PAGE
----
I have known Bernal since the fourth grade once I came to Westwood. We were friends from the jump. All I had to do was walk up from my house on Melwood and make a right on Bonwood and I was at his parents’ house. I remember jumping the fence to go to Mt Vernon and go to Boy Scout meetings or to play football on the church grounds in the mid 1980s. We grew apart after he transferred to Whitehaven. Being a freelance photographer linked us up again through seeing each other at different events and supplying photos to the paper on occasions. We always showed love to each other whenever we saw one another. His passing shocked me beyond belief. I will truly miss him because he was one of my longest friends in life. Prayers to his family and a long list of friends and associates in Memphis and around the world.
I was an intern for The New Tri-State Defender the summer of 2016. Bernal reached out to me, and gave me the opportunity to be apart of the paper. He guided me the time that I was there, and gave me insight on how to pursue my future career. He made an impact on my life and I know for sure he did the same with other youth from the city of Memphis. I’m still in complete shock and his family are in my prayers. This is a loss that I can’t wrap my mind around. Bernal will be truly missed.
My deepest condolences to Bernal’s family and all TSD team. He was a true leader, visionary and great person. We have lost an amazing entrepreneur. His legacy will continue throughout the TSD.
Alex Matlock, President
Mid South Latino Chamber of Commerce
The Shelby County Young Democrats are saddened to know that we’ve lost an industry trailblazer, unapologetic advocate for black economic power, and mentor to a new generation of leaders in Memphis. I smile at the stories of millennial graphic designers, writers and business owners who are sharing stories of how Bernal offered them their first words of encouragement… their first newspaper spotlight… their first paid job doing the work they’ve grown to love. It’s no wonder that a few days before his passing, I saw Bernal at a Young Democrat’s political campaign kick-off event. He was precisely the type of experienced leader we need – teaching, championing, and celebrating us every step of the way. He told our stories. He marched on the front line with us. He held us all accountable. I pray that Bernal’s energy lives on in Memphis. Our city needed him. Bernal, thank you for being a catalyst for people, for big dreams, and for a bright future in Memphis. We love you.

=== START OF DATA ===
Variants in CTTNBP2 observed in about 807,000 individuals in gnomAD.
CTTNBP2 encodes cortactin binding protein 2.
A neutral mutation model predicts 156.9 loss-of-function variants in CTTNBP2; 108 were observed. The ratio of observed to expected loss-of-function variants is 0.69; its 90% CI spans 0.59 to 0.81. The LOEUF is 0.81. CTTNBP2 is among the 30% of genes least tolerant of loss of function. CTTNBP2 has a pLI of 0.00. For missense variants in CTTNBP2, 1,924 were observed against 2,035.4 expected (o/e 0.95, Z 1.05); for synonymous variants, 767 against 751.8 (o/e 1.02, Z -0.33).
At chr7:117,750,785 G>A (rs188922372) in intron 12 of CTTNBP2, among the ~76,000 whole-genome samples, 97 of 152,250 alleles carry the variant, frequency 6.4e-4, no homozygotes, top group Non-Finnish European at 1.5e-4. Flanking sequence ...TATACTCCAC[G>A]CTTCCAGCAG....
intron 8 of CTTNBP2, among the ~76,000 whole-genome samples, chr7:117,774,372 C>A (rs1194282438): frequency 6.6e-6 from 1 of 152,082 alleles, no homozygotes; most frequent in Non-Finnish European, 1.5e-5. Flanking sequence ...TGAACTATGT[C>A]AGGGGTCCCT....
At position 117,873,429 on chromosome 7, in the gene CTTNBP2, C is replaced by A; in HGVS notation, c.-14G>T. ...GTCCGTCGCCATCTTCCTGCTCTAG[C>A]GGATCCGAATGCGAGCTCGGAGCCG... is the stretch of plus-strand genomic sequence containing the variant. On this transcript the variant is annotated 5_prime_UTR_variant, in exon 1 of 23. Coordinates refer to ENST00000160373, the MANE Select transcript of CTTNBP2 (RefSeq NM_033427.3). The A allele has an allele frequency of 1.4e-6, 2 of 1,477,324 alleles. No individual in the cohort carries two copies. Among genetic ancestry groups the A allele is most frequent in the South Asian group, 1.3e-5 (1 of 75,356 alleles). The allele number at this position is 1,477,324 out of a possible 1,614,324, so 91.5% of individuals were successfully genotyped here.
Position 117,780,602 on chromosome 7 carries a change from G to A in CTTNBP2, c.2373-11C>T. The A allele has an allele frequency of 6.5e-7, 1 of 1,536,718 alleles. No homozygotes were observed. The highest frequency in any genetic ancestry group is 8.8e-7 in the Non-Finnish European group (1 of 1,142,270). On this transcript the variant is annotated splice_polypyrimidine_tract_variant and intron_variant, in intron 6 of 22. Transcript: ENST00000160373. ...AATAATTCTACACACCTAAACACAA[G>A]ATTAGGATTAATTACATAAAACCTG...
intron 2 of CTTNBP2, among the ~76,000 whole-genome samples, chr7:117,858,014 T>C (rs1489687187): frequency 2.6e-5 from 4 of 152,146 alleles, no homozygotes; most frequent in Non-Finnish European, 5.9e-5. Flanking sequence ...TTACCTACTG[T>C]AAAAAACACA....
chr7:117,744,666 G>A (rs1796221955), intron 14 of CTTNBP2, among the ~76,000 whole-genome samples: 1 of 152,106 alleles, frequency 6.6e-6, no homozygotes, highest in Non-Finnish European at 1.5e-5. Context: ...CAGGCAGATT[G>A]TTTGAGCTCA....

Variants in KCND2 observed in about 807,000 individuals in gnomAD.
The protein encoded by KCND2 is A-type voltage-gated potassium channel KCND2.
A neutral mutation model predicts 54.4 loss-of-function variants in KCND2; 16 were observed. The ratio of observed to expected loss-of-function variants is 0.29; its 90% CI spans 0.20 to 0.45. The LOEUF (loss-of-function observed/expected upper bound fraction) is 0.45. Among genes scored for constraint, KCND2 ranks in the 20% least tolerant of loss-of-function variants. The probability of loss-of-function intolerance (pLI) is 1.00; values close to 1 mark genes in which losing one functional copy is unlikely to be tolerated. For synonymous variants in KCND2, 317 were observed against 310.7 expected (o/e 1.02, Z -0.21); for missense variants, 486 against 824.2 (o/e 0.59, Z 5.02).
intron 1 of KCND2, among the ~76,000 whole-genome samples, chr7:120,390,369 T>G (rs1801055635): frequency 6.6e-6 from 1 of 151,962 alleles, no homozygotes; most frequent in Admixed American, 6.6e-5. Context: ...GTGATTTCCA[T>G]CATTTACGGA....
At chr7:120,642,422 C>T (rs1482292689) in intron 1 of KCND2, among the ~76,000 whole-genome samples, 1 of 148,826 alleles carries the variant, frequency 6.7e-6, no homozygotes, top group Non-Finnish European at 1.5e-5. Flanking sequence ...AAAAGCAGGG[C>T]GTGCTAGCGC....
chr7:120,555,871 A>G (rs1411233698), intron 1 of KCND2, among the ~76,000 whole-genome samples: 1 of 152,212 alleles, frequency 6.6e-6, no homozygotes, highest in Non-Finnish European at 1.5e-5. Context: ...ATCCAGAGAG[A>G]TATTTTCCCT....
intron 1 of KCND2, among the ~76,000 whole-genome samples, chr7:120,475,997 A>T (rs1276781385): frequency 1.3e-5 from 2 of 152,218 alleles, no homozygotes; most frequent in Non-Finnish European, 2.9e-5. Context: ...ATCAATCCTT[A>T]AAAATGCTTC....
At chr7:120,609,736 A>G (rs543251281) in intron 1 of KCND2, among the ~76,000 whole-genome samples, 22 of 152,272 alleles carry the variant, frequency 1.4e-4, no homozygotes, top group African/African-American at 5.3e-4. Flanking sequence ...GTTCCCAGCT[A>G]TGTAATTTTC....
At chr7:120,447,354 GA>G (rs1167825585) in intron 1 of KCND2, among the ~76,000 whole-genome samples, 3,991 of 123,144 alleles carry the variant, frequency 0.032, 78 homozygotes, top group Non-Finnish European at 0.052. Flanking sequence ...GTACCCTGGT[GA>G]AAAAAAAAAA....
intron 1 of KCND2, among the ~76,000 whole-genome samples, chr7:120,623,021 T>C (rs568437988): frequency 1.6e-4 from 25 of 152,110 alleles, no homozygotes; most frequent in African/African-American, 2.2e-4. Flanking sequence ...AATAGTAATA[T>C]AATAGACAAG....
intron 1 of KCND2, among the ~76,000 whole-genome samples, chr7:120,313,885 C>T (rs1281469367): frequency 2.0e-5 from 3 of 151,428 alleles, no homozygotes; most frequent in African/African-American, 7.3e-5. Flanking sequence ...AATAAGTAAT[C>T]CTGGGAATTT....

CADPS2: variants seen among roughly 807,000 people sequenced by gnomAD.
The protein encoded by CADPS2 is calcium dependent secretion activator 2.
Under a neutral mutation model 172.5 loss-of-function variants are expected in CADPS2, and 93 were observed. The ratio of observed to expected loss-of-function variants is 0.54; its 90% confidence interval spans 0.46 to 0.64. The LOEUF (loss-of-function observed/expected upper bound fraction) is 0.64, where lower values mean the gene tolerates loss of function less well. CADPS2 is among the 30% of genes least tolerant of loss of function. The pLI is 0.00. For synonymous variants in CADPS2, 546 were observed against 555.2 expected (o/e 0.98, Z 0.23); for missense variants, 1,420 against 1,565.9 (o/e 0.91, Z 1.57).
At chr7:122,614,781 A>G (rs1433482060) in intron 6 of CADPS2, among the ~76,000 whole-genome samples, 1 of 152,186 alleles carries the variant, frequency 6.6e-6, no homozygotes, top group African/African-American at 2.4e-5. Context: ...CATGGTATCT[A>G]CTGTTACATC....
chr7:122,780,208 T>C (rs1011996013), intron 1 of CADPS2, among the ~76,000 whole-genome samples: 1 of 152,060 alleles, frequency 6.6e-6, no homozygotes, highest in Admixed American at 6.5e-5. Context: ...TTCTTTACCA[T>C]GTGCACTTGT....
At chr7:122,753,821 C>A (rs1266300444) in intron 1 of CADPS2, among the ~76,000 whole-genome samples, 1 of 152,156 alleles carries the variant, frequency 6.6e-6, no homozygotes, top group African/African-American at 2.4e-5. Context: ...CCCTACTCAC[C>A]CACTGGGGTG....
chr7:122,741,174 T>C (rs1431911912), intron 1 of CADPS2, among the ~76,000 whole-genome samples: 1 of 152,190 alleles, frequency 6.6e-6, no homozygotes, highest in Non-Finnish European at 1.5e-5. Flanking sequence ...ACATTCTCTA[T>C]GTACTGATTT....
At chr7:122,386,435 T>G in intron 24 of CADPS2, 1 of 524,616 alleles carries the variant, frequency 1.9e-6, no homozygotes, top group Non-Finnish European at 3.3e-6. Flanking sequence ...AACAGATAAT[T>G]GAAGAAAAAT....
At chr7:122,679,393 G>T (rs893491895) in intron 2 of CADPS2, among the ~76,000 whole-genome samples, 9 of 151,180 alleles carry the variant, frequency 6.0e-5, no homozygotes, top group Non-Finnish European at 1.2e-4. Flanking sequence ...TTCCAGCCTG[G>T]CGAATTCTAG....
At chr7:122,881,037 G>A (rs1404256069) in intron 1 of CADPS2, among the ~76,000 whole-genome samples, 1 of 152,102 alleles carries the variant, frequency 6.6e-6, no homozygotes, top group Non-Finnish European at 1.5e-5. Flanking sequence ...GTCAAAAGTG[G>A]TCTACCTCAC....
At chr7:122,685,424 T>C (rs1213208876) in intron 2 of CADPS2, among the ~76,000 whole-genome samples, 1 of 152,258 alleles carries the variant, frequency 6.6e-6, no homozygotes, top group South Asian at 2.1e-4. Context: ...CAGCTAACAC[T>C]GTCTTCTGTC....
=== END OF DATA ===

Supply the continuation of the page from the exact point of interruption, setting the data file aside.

Danielle Inez, President
Shelby County Young Democrats
I offer my sincere condolences to Towanda and her entire family in the loss of her husband, Bernal. I shall always remember Bernal as a brilliant man with extraordinary potential to lead and to serve others. We became acquainted many years ago through our membership in the Southeastern African -American Publishers Association (SAAPA) and as members of the National Newspaper Publishers Association (NNPA), Region II. Bernal was an individual whom one could easily communicate with. He was an excellent listener and a thoughtful communicator. His early transition has left me with much sadness but I know that God knows best. May he Rest In Peace.
Jackie Hampton, Publisher
The Mississippi Link
We both attended Havenview Jr. High and Whitehaven High, where the Tiger is the mascot at both schools. He was a man that always took time to help other African American males. He will be missed and he would always say to me that we were Tigers Forever! RIP B. Smith.